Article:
Friday, 20 May 2016

Alaskan Journal Part 5

Although we are heading back up north we broke our journey with a night at Homer, which is on the tip of the north side of the Kenai Peninsular. Homer terms itself the 'Halibut Capital of Alaska' which gives you an idea of what its primary preoccupation is - fishing, both commercial and sport. Its other claim to fame is the Homer Spit, a narrow bar of land that juts out into the bay some 5 miles. Oh yes, it's also a good spot for bald eagles.

Our 160 mile drive up went through some fantastic scenery and we broke it by stopping for enormous and incredibly unhealthy sticky buns in Soldotna and a spontaneous visit to a Russian Orthodox church in Ninilchik.
Looking across the Little Tern Lake back towards Moose Pass, a place we'll long remember. But not for positive reasons. If you are ever there, don't be tempted to stop at the grocery store for refreshments. Unless, of course, it's your day for self-abuse.
The Transfiguration of Our Lord Russian Orthodox Church at Ninilchik, dating from 1846. It still has a very active congregation although it was closed to visitors.
An interesting graveyard which, although a little overgrown, was clearly currently used. Many of the names on the headstones were Russian sounding - Kvasnikoff, Oskolkoff,  Resoff, Jackinsky ... Apparently these families are descendants of the original settlers who were Russian Orthodox missionaries.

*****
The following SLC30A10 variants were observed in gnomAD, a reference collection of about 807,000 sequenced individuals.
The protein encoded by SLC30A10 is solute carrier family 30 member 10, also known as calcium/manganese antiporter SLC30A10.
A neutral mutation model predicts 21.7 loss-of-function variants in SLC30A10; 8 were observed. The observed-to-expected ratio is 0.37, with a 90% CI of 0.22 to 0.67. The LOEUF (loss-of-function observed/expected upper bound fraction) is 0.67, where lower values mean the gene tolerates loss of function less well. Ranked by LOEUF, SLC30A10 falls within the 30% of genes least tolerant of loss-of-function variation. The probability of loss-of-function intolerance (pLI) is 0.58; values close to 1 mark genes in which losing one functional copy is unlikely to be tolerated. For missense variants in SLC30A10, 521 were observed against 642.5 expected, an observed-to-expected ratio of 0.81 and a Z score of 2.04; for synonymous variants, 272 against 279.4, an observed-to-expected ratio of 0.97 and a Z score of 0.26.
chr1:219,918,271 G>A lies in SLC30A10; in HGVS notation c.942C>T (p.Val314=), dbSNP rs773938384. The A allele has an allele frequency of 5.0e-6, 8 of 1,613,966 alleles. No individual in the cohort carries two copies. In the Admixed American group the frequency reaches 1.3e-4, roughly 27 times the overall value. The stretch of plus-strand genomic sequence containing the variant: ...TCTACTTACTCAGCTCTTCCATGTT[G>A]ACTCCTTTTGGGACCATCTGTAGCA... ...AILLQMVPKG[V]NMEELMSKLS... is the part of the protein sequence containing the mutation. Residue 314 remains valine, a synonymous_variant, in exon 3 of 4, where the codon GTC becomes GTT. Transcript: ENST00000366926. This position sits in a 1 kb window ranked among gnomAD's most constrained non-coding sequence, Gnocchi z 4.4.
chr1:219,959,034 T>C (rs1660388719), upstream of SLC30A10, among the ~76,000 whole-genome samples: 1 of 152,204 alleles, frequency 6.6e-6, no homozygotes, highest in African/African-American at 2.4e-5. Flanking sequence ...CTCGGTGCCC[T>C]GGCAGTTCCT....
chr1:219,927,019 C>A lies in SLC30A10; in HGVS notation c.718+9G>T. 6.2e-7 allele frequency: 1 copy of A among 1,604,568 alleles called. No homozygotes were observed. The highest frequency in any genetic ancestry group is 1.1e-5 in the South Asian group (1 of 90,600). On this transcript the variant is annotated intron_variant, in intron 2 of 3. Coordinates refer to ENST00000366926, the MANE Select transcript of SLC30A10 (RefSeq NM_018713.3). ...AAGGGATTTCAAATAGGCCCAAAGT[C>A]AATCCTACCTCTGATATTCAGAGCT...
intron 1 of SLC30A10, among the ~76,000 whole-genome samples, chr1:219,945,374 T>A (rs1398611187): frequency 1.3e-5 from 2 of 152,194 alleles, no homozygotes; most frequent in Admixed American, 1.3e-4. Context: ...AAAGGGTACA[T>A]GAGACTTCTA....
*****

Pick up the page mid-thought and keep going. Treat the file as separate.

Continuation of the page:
A bald eagle sitting on a ship's mast.
Closer inspection shows that it had a bloodied head..
..the reason for which became apparent when it flew off carrying what looks like a rabbit or, if that's a large bushy tail I can make out, maybe a small fox.
I like the colour, shape and lines of boats in a harbour.
Bald eagle coming in to land on top of a restaurant.
And another. At one time I could count 10 of them perched on various buildings. In lieu of trees, I presume the buildings give them a vantage point for spotting prey. They did not seem to be at all perturbed by the hustle and bustle going on beneath them.
Our B & B host tells us that it's a prolific year for dandelions in Alaska (we noticed that they were everywhere) and the shoreline was prolific with these vetch (but I can't identify them at the moment).

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